Sandia LabNews

Cloud-resolving climate model meets world’s fastest supercomputer

Simulations show a year’s climate in a research day

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THE NEW FRONTIER — The world’s fastest supercomputer, Frontier at Oak Ridge National Laboratory, has reached 1.1 exaflops, breaking the exascale speed barrier — a threshold of a quintillion calculations per second — and ranking number one on the Top500 list of the world’s most powerful supercomputers. (Photo by Calos Jones, Oak Ridge National Laboratory)

Focused on improving the accuracy of climate predictions, a Sandia-led computational team recently achieved a major milestone with a cloud-resolving model they ran on Frontier, the world’s first exascale supercomputer.

“We have created the first global cloud-resolving model to simulate a world’s year of climate in a day,” said Sandia researcher Mark Taylor, chief computational scientist of the Energy Exascale Earth System Model, or E3SM, an eight-lab project supported by the DOE’s Office of Science for the development of advanced climate models. “We’re ushering in a new era of accuracy.”

The E3SM model simulates critical aspects of Earth’s climate system that might impact conditions in the U.S. in the coming decades, including extreme temperatures, droughts, floods and a rise in sea level.

Clouds play a critical role in Earth’s climate system, impacting weather patterns and precipitation. “Traditional Earth system models struggle to represent clouds accurately,” Mark said. “This is because they cannot simulate the small overturning circulation in the atmosphere responsible for cloud formation and instead rely on complex approximations of these processes.”

The E3SM group developed an improved cloud-resolving atmosphere model named SCREAM, for Simple Cloud Resolving E3SM Atmosphere Model.

“This next-generation program has the potential to substantially reduce major systematic errors in precipitation found in current models,” Mark said, “because of its more realistic and explicit treatment of convective storms and the atmospheric motions responsible for cloud formation.”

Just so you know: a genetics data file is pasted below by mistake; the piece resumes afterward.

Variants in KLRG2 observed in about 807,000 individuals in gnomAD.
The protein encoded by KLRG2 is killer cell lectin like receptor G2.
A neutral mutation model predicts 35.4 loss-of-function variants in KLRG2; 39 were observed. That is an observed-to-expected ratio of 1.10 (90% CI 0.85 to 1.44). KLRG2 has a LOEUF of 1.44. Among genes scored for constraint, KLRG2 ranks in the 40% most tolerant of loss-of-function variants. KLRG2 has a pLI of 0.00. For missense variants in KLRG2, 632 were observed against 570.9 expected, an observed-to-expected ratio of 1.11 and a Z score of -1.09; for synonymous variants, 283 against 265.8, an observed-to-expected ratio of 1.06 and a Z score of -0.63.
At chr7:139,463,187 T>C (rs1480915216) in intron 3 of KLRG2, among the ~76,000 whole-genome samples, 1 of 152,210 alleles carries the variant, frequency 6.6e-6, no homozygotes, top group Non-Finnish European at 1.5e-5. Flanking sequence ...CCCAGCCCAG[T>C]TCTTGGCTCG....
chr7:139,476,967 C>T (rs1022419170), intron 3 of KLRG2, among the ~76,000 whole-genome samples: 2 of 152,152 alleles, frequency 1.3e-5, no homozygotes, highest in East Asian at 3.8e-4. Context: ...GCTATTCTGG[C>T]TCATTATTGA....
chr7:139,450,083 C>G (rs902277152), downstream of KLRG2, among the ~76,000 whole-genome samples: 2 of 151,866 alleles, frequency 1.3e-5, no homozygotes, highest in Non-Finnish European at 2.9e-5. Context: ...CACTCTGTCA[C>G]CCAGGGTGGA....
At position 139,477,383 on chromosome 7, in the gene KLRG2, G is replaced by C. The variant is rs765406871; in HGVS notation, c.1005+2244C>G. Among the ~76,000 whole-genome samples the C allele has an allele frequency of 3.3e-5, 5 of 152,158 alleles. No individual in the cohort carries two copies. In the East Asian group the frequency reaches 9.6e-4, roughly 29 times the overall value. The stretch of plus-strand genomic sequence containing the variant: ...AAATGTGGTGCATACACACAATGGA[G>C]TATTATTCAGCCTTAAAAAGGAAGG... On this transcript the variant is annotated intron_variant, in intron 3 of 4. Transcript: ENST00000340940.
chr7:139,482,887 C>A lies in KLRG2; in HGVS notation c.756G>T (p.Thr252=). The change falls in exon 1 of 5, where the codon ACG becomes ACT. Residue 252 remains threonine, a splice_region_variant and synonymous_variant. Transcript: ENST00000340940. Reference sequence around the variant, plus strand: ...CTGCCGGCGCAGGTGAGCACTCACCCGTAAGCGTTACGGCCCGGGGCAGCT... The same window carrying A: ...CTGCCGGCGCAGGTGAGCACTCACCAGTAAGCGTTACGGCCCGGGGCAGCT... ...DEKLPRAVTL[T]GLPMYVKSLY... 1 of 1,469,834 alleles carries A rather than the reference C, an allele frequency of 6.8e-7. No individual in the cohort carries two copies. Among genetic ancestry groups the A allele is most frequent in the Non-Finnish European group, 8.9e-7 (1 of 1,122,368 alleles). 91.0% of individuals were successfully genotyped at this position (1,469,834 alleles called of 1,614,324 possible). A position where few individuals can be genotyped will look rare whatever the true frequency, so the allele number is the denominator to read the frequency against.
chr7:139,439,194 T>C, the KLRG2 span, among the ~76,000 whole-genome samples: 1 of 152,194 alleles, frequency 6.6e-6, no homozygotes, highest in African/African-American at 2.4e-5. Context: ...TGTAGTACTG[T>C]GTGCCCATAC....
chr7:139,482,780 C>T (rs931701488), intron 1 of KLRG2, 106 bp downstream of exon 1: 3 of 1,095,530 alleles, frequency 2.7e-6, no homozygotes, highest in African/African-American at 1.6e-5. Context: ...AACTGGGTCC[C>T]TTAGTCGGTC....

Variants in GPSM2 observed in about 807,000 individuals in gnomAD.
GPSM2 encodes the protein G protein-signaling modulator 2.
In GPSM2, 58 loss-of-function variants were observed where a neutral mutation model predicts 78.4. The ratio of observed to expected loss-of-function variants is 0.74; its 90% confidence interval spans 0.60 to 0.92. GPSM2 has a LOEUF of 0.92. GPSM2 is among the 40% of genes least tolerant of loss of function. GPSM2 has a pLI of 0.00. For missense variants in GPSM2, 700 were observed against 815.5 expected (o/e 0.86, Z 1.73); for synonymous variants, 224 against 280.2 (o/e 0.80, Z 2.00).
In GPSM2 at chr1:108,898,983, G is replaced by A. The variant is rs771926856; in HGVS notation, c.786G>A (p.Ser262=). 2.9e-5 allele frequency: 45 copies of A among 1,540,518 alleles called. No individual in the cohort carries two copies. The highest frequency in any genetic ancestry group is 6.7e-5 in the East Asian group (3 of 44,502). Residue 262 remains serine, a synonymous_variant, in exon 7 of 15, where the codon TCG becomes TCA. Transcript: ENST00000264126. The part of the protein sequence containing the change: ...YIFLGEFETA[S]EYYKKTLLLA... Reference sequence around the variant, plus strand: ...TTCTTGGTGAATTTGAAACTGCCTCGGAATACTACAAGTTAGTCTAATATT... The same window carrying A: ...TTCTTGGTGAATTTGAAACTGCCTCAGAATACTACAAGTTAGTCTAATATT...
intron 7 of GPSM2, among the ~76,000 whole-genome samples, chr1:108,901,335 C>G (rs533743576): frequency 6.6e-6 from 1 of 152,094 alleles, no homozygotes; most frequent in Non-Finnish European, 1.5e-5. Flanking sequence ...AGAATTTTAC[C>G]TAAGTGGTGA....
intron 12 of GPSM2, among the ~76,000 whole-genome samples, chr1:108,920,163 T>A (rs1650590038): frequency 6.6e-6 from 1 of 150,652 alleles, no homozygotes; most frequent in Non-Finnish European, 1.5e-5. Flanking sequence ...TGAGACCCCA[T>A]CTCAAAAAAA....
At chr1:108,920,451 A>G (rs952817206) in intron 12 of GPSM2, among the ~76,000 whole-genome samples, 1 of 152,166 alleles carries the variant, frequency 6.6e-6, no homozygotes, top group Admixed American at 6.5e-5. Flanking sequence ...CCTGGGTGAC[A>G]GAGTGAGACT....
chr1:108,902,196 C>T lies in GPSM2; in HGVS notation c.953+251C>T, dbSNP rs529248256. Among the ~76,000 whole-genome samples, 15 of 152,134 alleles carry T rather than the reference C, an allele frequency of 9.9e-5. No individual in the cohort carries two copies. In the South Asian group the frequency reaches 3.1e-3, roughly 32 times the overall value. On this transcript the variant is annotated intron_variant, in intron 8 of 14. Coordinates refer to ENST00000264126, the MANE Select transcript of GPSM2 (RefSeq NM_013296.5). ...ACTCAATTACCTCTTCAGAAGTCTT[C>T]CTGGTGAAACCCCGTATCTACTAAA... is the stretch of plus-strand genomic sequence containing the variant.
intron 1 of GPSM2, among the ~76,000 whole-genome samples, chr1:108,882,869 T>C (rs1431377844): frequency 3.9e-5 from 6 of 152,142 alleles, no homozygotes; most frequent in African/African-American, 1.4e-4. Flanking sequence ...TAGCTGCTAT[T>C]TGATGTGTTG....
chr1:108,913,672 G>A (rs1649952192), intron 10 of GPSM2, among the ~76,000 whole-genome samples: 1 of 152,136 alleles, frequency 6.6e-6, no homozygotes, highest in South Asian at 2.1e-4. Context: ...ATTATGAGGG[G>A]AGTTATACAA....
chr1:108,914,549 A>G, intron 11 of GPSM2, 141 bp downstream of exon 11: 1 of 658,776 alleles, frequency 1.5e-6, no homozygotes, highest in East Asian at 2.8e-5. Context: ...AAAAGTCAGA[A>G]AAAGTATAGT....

These motions and their interactions determine many of the characteristics of regional precipitation, he said.

But the new model by itself was not enough. Running a simulation that resolves clouds globally over many decades requires tremendous computing resources to run in a reasonable amount of time. An exascale computer, executing more than a quintillion calculations per second — that’s the numeral 1 followed by 18 zeros — was just what was needed.

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CLOUD PREDICTIONS — A snapshot from a cloud-resolving Simple Cloud Resolving E3SM Atmosphere Model simulation shows a tropical cyclone off the west coast of Australia. The global view displays clouds where the condensed water content is greater than 0.1 grams of water per kilogram of air. The inset shows a 3D cross section with ice mass in red and liquid cloud structure in blue. (Image by Brad Carvey)

Frontier, built under DOE auspices at Oak Ridge National Laboratory, fills that bill, with more than 9,000 compute nodes. An E3SM team at Sandia worked to ensure SCREAM would run well on Frontier, other graphics processing unit-based systems and more conventional central processing unit-based supercomputers.

Frontier is expected to become a production-ready machine later this year but is not yet open for general access. However, through the DOE’s Exascale Computing Project, the E3SM developers had a 10-day window to test the performance of the new SCREAMv1 model running at a global 3.25-kilometer resolution. They obtained record-setting performance, with the atmosphere component running at greater than a simulated year per day.

SCREAM’s graphics processing unit performance, coupled with the exascale machine, for the first time will enable multiyear climate simulations with a more accurate treatment of clouds, leading to more accurate predictions of future weather and climate.

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